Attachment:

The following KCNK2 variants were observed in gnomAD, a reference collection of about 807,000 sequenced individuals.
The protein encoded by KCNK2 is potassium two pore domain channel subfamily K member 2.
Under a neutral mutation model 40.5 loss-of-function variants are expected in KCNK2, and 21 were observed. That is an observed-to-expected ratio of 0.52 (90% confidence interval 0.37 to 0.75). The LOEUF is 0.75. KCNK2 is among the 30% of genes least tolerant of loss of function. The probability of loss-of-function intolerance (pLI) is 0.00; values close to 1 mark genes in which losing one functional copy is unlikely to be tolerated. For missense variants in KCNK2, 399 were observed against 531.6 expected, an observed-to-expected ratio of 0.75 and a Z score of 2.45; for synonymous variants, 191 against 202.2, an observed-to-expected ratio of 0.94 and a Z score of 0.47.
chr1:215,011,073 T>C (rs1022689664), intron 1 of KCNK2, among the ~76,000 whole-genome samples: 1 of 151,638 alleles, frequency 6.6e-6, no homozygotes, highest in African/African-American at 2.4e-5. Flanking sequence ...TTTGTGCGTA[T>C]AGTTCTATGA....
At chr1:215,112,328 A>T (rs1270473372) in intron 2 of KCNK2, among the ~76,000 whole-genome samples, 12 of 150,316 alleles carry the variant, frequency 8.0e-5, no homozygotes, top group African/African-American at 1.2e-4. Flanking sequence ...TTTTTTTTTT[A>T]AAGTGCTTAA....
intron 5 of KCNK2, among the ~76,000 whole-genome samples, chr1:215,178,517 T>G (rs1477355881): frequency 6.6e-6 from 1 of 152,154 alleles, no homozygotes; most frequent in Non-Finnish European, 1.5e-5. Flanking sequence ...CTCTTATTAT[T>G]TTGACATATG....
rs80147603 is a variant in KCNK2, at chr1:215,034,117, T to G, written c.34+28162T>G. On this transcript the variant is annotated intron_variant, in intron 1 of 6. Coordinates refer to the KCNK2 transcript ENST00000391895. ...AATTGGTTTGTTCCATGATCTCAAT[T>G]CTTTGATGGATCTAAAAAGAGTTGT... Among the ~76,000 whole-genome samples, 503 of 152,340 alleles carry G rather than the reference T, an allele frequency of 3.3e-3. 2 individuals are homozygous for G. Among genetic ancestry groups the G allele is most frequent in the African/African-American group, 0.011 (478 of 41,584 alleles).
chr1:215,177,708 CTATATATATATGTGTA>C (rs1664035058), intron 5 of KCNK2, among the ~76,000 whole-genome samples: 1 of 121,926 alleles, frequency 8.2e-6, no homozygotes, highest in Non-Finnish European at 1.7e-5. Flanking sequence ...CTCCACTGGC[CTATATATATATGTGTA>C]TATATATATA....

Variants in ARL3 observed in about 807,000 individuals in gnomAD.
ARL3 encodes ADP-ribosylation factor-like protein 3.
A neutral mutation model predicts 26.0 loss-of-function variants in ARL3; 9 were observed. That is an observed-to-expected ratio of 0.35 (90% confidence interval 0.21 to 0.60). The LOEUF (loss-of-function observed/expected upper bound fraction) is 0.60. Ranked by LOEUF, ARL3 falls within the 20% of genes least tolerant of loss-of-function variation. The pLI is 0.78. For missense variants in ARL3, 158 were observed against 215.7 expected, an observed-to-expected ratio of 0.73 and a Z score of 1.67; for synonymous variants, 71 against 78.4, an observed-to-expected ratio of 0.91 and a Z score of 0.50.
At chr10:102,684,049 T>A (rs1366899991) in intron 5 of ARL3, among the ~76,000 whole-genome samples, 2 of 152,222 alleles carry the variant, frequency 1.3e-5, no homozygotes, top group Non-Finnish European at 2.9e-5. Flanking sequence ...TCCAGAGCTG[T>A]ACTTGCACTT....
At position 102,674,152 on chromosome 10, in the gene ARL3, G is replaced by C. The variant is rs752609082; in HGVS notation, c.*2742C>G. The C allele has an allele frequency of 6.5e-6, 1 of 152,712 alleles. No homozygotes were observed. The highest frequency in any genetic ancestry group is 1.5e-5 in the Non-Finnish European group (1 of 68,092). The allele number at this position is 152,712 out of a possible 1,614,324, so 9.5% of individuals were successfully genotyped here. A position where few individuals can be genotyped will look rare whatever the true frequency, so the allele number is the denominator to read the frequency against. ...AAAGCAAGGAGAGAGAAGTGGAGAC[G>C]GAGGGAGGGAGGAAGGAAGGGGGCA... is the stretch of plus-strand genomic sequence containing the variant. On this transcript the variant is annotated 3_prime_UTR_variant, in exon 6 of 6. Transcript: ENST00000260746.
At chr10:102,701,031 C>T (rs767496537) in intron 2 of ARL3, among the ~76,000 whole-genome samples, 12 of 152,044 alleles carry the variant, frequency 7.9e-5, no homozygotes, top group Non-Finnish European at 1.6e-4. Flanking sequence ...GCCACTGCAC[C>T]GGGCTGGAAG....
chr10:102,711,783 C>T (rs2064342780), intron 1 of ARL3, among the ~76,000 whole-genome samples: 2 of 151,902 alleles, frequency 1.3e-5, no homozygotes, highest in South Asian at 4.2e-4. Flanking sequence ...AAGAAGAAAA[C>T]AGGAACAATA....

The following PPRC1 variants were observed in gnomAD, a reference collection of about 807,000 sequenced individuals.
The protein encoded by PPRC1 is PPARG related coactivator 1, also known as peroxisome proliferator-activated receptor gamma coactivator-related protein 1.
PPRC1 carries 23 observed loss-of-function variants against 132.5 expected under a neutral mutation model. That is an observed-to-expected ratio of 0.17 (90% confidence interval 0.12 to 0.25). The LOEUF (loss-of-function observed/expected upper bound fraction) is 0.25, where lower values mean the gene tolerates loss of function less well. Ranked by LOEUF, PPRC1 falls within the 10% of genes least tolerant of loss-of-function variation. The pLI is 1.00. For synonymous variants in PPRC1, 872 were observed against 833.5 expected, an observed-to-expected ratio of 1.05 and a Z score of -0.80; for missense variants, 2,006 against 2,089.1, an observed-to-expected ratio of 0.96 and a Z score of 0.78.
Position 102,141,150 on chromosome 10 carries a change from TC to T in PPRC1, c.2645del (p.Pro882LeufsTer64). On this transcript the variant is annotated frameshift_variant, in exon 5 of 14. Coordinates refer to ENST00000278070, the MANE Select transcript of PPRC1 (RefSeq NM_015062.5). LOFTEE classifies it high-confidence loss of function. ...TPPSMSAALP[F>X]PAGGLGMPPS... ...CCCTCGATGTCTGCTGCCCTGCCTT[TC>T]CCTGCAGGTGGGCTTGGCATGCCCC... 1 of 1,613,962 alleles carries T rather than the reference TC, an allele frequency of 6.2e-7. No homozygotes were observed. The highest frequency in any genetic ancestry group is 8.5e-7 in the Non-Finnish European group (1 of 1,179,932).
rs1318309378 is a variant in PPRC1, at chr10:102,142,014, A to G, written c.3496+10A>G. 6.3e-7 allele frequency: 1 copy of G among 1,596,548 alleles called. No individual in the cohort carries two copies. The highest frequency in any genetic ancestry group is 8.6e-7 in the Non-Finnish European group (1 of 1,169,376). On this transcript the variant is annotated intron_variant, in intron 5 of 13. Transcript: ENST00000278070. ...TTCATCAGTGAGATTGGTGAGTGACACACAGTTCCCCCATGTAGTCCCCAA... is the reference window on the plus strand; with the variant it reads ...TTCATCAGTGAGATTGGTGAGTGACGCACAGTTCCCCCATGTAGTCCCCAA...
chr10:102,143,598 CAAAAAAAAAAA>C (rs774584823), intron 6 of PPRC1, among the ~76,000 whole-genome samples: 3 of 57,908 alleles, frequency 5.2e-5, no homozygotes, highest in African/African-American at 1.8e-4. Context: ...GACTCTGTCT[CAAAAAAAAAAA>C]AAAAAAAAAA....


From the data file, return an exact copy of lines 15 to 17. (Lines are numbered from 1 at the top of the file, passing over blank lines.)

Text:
chr10:102,711,783 C>T (rs2064342780), intron 1 of ARL3, among the ~76,000 whole-genome samples: 2 of 151,902 alleles, frequency 1.3e-5, no homozygotes, highest in South Asian at 4.2e-4. Flanking sequence ...AAGAAGAAAA[C>T]AGGAACAATA....

The following PPRC1 variants were observed in gnomAD, a reference collection of about 807,000 sequenced individuals.
The protein encoded by PPRC1 is PPARG related coactivator 1, also known as peroxisome proliferator-activated receptor gamma coactivator-related protein 1.